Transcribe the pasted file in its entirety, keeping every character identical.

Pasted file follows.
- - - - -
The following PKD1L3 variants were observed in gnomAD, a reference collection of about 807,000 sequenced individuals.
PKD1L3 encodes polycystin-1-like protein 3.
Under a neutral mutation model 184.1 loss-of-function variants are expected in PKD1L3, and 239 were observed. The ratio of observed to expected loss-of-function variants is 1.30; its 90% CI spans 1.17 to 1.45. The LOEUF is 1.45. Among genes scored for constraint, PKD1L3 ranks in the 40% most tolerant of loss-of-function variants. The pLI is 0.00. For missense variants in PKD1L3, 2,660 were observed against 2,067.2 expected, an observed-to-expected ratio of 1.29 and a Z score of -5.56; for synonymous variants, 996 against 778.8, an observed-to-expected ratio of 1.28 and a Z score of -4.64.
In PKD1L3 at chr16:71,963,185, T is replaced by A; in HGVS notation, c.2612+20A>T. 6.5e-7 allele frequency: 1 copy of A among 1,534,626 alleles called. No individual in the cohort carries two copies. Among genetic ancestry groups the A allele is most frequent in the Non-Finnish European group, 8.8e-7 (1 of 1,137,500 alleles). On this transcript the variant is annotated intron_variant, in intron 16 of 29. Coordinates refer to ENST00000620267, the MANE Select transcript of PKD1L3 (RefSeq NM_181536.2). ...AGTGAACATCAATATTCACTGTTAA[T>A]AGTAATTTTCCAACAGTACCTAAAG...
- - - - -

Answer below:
The following PKD1L3 variants were observed in gnomAD, a reference collection of about 807,000 sequenced individuals.
PKD1L3 encodes polycystin-1-like protein 3.
Under a neutral mutation model 184.1 loss-of-function variants are expected in PKD1L3, and 239 were observed. The ratio of observed to expected loss-of-function variants is 1.30; its 90% CI spans 1.17 to 1.45. The LOEUF is 1.45. Among genes scored for constraint, PKD1L3 ranks in the 40% most tolerant of loss-of-function variants. The pLI is 0.00. For missense variants in PKD1L3, 2,660 were observed against 2,067.2 expected, an observed-to-expected ratio of 1.29 and a Z score of -5.56; for synonymous variants, 996 against 778.8, an observed-to-expected ratio of 1.28 and a Z score of -4.64.
In PKD1L3 at chr16:71,963,185, T is replaced by A; in HGVS notation, c.2612+20A>T. 6.5e-7 allele frequency: 1 copy of A among 1,534,626 alleles called. No individual in the cohort carries two copies. Among genetic ancestry groups the A allele is most frequent in the Non-Finnish European group, 8.8e-7 (1 of 1,137,500 alleles). On this transcript the variant is annotated intron_variant, in intron 16 of 29. Coordinates refer to ENST00000620267, the MANE Select transcript of PKD1L3 (RefSeq NM_181536.2). ...AGTGAACATCAATATTCACTGTTAA[T>A]AGTAATTTTCCAACAGTACCTAAAG...